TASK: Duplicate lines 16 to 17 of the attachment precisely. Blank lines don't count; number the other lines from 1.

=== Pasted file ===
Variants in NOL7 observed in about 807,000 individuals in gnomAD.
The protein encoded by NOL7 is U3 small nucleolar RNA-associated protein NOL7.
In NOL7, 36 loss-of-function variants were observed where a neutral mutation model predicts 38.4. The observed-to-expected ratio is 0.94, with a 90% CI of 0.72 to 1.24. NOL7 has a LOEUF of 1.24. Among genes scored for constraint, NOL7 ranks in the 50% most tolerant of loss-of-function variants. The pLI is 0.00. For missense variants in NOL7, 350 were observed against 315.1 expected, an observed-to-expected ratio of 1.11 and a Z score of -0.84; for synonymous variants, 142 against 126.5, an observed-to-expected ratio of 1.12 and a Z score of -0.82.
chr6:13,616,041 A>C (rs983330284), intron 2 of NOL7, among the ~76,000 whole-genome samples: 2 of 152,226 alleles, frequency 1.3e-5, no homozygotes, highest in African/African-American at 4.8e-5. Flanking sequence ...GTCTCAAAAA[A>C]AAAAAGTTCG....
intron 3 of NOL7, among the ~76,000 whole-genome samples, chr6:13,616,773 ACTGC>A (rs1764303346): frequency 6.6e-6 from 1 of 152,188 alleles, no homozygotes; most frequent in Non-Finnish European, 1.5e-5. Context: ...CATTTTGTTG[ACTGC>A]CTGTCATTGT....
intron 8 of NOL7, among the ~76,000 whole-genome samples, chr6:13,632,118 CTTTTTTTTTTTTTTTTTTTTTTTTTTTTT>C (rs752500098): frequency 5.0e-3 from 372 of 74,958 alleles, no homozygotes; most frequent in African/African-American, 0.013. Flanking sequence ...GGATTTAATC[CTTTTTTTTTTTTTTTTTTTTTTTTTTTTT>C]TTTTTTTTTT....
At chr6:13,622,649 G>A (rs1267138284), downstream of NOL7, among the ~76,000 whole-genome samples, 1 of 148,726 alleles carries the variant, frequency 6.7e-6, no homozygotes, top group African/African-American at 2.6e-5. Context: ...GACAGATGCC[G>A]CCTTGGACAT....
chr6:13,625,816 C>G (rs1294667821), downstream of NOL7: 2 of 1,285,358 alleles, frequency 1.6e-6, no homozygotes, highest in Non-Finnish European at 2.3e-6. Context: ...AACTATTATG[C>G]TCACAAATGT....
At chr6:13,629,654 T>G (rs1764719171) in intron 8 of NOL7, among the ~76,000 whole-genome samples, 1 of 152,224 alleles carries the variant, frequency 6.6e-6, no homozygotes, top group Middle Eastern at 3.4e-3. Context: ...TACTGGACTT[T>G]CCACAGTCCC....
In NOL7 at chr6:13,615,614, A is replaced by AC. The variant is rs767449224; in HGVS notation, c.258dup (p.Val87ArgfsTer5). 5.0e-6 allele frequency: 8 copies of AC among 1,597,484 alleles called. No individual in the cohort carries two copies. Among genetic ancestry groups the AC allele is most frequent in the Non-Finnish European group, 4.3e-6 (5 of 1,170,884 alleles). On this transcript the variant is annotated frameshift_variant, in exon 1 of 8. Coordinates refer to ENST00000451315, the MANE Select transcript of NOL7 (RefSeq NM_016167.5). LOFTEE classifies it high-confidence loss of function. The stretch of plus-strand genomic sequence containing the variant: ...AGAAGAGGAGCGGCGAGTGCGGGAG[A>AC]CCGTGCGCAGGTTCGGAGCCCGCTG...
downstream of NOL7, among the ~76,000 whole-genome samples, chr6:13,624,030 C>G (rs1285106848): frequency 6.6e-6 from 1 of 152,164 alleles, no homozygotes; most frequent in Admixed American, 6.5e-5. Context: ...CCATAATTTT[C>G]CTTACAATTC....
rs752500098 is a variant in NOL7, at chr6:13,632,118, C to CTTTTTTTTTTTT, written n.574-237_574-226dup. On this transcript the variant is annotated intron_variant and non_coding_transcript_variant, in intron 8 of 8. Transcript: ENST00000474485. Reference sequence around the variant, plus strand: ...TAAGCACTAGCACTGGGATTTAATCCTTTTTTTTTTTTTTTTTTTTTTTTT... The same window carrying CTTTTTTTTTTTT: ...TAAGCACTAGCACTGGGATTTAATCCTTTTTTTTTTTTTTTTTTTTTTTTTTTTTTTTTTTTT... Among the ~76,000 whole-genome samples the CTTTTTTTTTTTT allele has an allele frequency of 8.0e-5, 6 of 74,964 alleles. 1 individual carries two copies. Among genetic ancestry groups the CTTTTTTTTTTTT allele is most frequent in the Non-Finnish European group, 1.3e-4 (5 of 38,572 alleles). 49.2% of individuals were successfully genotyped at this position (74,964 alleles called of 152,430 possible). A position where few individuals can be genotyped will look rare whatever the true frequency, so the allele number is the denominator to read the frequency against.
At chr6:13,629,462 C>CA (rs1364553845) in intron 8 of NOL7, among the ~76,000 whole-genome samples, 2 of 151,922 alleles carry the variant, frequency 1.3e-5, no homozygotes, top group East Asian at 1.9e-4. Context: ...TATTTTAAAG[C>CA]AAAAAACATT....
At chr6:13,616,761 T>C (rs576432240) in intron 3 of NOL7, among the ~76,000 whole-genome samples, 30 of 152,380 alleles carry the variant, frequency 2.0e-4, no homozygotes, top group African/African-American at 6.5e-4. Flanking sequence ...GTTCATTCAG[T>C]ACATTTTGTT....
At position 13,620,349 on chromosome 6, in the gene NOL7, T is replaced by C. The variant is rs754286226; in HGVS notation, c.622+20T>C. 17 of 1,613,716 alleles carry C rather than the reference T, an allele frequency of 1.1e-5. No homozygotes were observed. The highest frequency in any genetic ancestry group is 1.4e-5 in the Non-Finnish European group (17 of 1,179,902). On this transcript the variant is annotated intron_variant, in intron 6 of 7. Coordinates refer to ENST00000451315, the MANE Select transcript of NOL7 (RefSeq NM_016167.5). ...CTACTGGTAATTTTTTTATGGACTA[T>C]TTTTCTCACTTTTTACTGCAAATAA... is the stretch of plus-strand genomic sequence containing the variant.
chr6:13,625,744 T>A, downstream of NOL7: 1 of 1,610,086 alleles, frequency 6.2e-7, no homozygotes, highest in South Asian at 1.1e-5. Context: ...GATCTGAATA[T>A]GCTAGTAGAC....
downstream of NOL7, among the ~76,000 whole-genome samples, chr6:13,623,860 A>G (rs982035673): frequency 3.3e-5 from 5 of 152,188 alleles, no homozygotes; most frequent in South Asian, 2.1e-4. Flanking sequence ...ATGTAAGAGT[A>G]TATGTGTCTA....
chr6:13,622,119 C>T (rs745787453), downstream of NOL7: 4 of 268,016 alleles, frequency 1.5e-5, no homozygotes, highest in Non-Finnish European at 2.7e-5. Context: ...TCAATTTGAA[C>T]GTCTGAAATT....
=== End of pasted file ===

chr6:13,625,744 T>A, downstream of NOL7: 1 of 1,610,086 alleles, frequency 6.2e-7, no homozygotes, highest in South Asian at 1.1e-5. Context: ...GATCTGAATA[T>A]GCTAGTAGAC....
downstream of NOL7, among the ~76,000 whole-genome samples, chr6:13,623,860 A>G (rs982035673): frequency 3.3e-5 from 5 of 152,188 alleles, no homozygotes; most frequent in South Asian, 2.1e-4. Flanking sequence ...ATGTAAGAGT[A>G]TATGTGTCTA....